A Subway Series in the World Series is a Reality that Grows by the Day

With both New York teams tops in the American and National League, and the Subway Series set to begin on Tuesday, this could serve as a potential World Series preview.


The Yankees and Mets are atop their divisions, and will now meet for the first time this year in the 2022 installment of the Subway Series (Courtesy of Twitter).

Colin Loughran, Staff Writer

The first half of the Major League season has officially ended and so have all of the All-Star festivities. Presently, both the New York Mets and New York Yankees are at the top of their respective divisions. While both groups have battled through some peaks and valleys during the first part of the campaign, it is undeniable that they both experienced particularly strong starts that have bolstered them into serious playoff contention. 

For New York, this is a rare occurrence. It is not often that both teams are playing this well. The last time both the Mets and Yankees were in the postseason was 2015, and the only occasion the crosstown rivals ever battled it out in the World Series was all the way back in 2000. That particular Fall Classic is remembered as the true “Subway Series”, and the road to it is certainly worth a deep dive now that fans have already begun to dream about a second installment in 2022.

The 2000 Mets are fondly remembered by those who cheer for the orange and blue. They were not an outrageous juggernaut like the infamous 1986 team. Players, such as Mike Piazza, Todd Zeile, Robin Ventura, Edgardo Alfonzo and others made up a lineup that can best be characterized as “timely.” In truth, the “Millennium Mets” were streaky at the plate. Among NL teams, they ranked 5th in on base percentage and only 10th in batting average. Much like this year’s iteration, they found ways to get on base and had key players step up in crucial situations. The now Hall of Fame catcher, Piazza, led the charge. He recorded 38 home runs and 113 RBI’s, while boasting a .324 batting average. The aforementioned second baseman, Alfonzo, produced a WAR of 6.4 during the magical season, and was first on the team in on base percentage. Role players, like Jay Payton, Benny Agbayani and Joe McEwing also had shining moments that enabled the team to produce enough runs to consistently win ball games.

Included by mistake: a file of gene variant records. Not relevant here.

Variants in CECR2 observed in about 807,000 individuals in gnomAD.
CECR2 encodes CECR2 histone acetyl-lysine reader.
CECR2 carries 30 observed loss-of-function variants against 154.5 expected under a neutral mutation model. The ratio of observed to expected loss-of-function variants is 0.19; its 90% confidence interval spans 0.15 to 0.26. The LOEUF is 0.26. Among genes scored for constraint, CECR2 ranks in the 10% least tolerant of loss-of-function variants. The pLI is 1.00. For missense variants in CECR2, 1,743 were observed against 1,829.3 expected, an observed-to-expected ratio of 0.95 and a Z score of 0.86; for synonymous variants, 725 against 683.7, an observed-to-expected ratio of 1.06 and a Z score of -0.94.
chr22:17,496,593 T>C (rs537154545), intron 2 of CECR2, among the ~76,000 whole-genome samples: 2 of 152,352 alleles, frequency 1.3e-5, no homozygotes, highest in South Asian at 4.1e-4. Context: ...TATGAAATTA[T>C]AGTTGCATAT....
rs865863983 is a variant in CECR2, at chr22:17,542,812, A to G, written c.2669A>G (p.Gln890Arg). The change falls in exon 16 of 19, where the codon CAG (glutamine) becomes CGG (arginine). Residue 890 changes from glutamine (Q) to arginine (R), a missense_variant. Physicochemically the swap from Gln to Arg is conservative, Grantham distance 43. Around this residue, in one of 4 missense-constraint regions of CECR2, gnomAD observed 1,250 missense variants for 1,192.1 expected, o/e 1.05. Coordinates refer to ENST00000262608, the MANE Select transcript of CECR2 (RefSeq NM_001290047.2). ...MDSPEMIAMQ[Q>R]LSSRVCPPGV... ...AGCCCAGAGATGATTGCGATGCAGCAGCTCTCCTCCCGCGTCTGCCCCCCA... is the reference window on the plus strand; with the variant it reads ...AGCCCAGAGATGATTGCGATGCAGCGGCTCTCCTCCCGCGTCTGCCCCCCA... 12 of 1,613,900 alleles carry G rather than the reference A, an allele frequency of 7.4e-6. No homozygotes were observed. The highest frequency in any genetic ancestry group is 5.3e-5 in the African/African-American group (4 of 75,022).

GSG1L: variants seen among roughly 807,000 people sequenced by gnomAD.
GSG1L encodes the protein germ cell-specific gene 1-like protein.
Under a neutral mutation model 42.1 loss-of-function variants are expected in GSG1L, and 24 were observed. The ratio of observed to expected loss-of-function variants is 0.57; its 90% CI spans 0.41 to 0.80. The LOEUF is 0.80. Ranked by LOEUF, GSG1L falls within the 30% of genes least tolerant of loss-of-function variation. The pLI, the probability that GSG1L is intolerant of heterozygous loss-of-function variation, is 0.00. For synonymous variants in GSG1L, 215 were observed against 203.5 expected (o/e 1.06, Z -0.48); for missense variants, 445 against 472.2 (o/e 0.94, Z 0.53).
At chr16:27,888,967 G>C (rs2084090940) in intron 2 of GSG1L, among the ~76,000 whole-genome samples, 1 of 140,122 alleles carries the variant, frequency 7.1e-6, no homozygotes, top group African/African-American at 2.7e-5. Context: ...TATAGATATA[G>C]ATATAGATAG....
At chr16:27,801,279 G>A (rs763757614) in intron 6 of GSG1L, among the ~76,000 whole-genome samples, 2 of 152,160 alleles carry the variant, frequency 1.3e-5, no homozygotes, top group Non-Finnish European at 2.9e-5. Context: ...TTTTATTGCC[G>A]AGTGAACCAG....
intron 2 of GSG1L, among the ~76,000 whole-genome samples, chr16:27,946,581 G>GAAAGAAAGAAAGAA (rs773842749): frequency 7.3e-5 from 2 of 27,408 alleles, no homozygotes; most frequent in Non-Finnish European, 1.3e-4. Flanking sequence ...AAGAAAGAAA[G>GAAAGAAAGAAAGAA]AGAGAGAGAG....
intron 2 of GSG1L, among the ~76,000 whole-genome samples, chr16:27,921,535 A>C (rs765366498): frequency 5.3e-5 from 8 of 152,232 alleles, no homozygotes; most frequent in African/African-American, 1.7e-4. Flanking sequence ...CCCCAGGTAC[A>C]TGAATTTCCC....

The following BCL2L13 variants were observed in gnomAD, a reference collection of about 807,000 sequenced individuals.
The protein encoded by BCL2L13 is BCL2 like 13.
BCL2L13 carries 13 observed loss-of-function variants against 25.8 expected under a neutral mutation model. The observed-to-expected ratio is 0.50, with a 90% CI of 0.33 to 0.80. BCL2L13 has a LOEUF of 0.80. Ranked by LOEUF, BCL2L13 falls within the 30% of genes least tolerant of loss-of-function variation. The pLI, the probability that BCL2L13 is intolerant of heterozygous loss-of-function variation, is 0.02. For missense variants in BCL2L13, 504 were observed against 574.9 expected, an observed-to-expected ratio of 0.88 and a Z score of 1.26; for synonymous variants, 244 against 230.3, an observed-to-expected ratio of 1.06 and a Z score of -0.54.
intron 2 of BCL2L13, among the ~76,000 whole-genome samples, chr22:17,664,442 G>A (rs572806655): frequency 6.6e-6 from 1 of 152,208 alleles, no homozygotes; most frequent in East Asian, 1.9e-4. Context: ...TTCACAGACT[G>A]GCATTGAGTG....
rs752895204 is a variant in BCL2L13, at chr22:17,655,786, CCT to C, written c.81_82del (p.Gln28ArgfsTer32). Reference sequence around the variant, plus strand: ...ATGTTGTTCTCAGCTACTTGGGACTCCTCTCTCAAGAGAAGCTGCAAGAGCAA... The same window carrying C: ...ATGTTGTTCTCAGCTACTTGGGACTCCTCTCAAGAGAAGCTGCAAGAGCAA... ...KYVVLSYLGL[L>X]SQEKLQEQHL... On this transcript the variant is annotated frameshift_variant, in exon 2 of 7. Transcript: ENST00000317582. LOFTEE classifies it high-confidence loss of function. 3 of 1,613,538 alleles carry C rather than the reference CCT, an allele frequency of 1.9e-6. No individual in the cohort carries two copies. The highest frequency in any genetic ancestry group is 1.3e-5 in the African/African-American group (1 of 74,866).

All things considered though, the true strength of the 2000 Mets was pitching. The team held the third best ERA in baseball and had a two-headed monster at the top of the rotation in Al Leiter and Mike Hampton. The twosome held ERA’s of 3.20 and 3.14, respectively, and combined for 31 wins. Other arms in the rotation included Rick Reed, as well as Bobby Jones, who delivered a series clinching “one-hitter” in game four of the NLDS against the San Francisco Giants. The bullpen was also a more than serviceable group that included veteran John Franco and flamethrower Armando Benitez. The Mets reached the postseason as a Wild Card, and went on to beat the Giants and the St. Louis Cardinals en route to a World Series matchup with the defending champion Yankees. Both playoff matchups showcased exactly why the 2000 Amazin’s were truly special.